Tuesday, November 13, 2007

Ordnung uber alles

Lately I've heard from a number of people that military-style order in schools would be a good thing: it would make sure that everyone learns, give children the limits they so clearly crave, give them a safe environment, etc., etc.

Well, I've seen 5 of the actual implementations (6 if you count the daycare) from close by, and all I can say is that if I had a sprog of my own, I certainly would not put him/her in a school like that.

(Yeah, you may say that those were just bad implementations, and if you were setting up the school order according to your genius plan, everything would be peachy. I'd believe this about as much as I believe the modern Communists' claim that if they ran the Soviet Union it would have become the workers' paradise.)

We had uniforms, endless standing in rows, moving our heads straight and to the right according to military commands, standing in lines where we were arranged by height, constant yelling and actual weapons. We also had a lot more violence than the schools that my Finnish friends went to.

Uniforms sucked. Both the actual implementations, and the idea. People said things like "that's so kids would think about school and not about clothes", and a lot of vague things about uniforms instilling respect in the wearer (for school, and for oneself). Kids thought about clothes more than ever, of course. As to respect, I realize that some people have problem distinguishing between respect, fear and hatred, but I am not one of them. Being forced to wear some particular clothes by somebody else has never given me any respect for myself, or for the person doing the forcing. I don't see how it would.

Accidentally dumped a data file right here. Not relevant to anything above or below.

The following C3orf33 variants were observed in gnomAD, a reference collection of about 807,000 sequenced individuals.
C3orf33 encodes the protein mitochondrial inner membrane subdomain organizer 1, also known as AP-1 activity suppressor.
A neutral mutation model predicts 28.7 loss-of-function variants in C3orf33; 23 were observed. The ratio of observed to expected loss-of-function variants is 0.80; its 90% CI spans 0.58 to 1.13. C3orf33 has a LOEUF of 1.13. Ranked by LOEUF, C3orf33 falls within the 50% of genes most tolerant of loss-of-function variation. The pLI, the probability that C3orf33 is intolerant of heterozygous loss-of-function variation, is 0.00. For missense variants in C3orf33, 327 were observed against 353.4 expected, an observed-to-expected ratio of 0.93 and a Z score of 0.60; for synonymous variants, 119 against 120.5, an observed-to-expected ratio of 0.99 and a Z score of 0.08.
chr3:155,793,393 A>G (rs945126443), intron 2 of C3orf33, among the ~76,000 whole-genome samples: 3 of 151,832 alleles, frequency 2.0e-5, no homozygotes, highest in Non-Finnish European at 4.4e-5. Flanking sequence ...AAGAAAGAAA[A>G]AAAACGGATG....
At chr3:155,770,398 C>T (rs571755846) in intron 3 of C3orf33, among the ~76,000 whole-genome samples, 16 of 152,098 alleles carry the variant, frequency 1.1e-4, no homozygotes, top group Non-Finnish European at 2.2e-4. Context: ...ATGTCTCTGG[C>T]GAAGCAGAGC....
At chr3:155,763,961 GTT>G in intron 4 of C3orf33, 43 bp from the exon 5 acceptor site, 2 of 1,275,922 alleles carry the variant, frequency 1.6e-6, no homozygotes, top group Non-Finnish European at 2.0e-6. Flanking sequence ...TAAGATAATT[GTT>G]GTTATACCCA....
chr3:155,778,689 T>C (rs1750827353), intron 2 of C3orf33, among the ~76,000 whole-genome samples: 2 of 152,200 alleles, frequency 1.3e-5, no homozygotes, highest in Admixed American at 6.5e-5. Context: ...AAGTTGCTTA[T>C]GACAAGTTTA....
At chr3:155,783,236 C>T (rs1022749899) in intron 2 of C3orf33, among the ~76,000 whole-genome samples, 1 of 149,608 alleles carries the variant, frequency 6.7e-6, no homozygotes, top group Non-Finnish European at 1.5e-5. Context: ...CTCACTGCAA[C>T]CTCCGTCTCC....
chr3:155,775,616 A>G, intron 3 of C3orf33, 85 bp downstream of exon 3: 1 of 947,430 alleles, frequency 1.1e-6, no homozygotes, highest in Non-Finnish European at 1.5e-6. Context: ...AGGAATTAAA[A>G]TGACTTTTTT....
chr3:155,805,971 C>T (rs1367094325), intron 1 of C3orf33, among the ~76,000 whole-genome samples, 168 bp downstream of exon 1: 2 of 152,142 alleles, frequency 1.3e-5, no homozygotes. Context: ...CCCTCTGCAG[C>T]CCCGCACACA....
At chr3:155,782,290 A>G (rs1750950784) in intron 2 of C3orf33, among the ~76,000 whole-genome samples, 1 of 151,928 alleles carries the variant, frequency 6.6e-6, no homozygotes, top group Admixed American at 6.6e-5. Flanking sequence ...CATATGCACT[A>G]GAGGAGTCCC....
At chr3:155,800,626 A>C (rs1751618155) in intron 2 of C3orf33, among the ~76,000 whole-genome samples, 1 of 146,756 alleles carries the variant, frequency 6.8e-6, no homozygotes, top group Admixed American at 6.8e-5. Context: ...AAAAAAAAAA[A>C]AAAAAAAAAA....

Endless standing in rows sucked too, much for the same reasons, and so did dozens more arbitrary rules and rituals. But enough about that. I know I am a somewhat more ritual-wary person than average.

The thing is, it didn't work for maintaining any useful order. By useful order I mean preventing unprovoked violence and class disturbance. Bullying and violence were rampant, and keeping the classes free of disturbances depended, just like pretty much everywhere else, on the authority of the teacher of the class in question.

Kids were left to fend for themselves in fights, and the only way to get rid of bullies was by punching and kicking them. If you were too small for that, you were screwed. Afterwards the teachers would just yell at you for your uniform not being quite in order.

(I suppose in a Finnish implementation, if there were one, they would instead deal with the fights by punishing all the participants, totally disregarding any idea of self-defense and saying "it takes two to fight, you are both equally guilty").

One of the worst things about such a system was that it attracted bullies to the teaching profession. If you think that having bullies as classmates was bad, just wait until an adult bully with a teaching degree becomes your teacher. The weird thing about it was that all their bullying did not help to maintain any useful order: for example, a teacher who would gladly yell at a student for wearing large breasts to school (yes, that really happened) still didn't manage to calm down the noisy students in her class.

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